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On a page that contains a list of about 30 entries, each of them is Facebook-likable (each entry's HTML contains a Like button), and each of them is either displayed or not (depends on a filter setting):

  • The page takes several seconds to load entirely
  • The page uses lots of memory, thanks to the Like buttons
  • The page uses CPU even if the user doesn't interact (every 100ms or less, one of the Like buttons fires an event using Javascript)
  • If I do not change the DOM tree, just change element visibility, the buttons seem to be reloaded anyway

On a PC with more than 1 GHz and 1 GB mem, the page is unusable because it is so slow (browser: Chromium). How can I change this, keeping the Like buttons?

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  1. Blame Facebook's "Like" implementation
  2. Download Firefox Nightly or 'Aurora', and look at the "about:memory" tab to get an idea of the memory impact of the "Like" buttons. (Firefox has added per-compartment memory reporting to about:memory)
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+1 for "Blame Facebook's "Like" implementation" – Nathan Osman Jul 9 '11 at 3:16
Yah it blows up your memory. This is horrible. – Andrew Threadgill Mar 27 '12 at 17:14

Use the JavaScript SDK

Make sure to include the like buttons via xfbml and the JavaScript SDK. This way you have more control over them.

Don't load them initially, load them explicitly when you need them

Further the documentation by default recommends that you replace the xfbml tags immediately with facebook like buttons as soon as the page is loaded. Therefore it has

    xfbml  : true  // parse XFBML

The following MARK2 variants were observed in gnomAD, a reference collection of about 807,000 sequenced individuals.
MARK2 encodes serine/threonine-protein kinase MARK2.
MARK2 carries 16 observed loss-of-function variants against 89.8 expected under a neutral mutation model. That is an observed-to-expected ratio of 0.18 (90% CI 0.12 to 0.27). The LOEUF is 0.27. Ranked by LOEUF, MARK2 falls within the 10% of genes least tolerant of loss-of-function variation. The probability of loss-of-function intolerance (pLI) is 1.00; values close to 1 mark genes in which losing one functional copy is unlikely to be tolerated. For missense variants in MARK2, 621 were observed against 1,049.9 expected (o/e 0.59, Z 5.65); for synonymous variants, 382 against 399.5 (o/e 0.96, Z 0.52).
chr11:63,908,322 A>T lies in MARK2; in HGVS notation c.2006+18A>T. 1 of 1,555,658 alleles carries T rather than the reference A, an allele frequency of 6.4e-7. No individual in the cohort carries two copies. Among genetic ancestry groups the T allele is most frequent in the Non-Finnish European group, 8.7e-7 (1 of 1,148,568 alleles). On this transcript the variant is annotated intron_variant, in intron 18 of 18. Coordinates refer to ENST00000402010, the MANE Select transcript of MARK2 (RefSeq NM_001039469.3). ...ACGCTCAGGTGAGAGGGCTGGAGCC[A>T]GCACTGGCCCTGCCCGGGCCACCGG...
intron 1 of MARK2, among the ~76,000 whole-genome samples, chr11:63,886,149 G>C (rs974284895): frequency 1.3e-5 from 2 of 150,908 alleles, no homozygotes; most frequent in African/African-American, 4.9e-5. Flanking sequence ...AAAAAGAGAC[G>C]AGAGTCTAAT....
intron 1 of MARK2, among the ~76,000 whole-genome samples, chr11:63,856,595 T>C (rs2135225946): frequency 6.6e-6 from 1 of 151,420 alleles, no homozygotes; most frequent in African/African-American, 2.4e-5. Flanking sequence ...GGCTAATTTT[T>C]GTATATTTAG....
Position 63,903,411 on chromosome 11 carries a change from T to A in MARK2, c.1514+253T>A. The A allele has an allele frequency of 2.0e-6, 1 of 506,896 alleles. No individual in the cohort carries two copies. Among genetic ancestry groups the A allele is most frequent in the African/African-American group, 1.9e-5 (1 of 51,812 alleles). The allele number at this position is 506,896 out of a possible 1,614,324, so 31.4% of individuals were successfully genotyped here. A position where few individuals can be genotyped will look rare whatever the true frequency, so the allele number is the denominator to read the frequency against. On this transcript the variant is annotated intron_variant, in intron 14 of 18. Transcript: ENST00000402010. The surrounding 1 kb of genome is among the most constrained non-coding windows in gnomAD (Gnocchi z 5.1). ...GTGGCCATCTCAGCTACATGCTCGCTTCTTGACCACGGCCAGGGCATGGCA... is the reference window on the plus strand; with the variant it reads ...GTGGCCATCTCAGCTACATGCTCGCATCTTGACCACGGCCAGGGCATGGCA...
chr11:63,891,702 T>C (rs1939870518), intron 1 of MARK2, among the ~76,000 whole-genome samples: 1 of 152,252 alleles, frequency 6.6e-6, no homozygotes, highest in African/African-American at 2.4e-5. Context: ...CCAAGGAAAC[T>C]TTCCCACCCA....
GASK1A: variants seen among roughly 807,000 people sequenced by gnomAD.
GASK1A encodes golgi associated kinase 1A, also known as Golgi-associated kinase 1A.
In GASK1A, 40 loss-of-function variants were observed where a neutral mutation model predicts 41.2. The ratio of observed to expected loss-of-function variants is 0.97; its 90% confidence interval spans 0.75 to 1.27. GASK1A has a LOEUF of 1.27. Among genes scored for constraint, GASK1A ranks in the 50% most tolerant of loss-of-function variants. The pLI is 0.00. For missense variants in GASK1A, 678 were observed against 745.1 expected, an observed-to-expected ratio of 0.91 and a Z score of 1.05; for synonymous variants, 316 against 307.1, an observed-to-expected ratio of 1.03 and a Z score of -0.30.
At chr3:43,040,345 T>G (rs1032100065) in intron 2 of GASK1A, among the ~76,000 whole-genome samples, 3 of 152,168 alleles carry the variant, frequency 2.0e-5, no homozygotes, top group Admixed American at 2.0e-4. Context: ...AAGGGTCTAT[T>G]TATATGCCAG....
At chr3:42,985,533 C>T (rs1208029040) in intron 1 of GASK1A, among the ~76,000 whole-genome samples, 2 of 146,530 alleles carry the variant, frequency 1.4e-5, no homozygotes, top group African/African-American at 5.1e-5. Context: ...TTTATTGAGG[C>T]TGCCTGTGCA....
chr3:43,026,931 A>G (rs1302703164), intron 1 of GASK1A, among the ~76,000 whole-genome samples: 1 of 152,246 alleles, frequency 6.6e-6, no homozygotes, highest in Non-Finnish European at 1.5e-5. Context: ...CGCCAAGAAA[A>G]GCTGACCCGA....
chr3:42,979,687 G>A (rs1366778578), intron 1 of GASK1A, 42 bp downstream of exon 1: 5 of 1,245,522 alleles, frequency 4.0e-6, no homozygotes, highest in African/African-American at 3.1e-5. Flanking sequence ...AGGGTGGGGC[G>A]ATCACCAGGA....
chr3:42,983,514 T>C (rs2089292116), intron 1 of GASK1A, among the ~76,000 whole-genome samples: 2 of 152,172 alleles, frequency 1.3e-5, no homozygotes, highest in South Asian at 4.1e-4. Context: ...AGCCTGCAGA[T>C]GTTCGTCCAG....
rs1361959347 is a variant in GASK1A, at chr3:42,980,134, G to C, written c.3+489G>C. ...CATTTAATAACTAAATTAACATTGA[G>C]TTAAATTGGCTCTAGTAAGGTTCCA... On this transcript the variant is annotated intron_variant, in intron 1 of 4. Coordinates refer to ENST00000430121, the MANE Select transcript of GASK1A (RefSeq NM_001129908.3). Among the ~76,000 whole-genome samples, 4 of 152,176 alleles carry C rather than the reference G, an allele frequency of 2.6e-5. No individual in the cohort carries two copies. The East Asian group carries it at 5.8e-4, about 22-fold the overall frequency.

as option to almost all mentions of calling FB.init. You don't want that.

If you have so many like buttons it is quite likely that you don't need to load all of them initially. The JavaScript SDK offers a function for parsing and replacing the fbxml explicitly. You can call it on a certain DOM node instead of the whole page. See FB.XFBML.parse. This way you can load the buttons when you need them, you could even lazily only load those that are currently visible in the browser similar to image lazy loading techniques.

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I think the performance might be slow because the Facebook Like button is loaded in an iframe which takes a lot longer to load. I'm not sure if there is an option like this in the graph api but consider making a custom like button by loading the Like information on the server side.


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I realise this is an old question, but socialite.js seems like it might do the trick:

Socialite provides a very easy way to implement and activate a plethora of social sharing buttons — any time you wish. On document load, on article hover, on any event!

If you're selling your soul, you may as well do it asynchronously. Socialite won't cause document rendering to hang while waiting for 50kb of social media.

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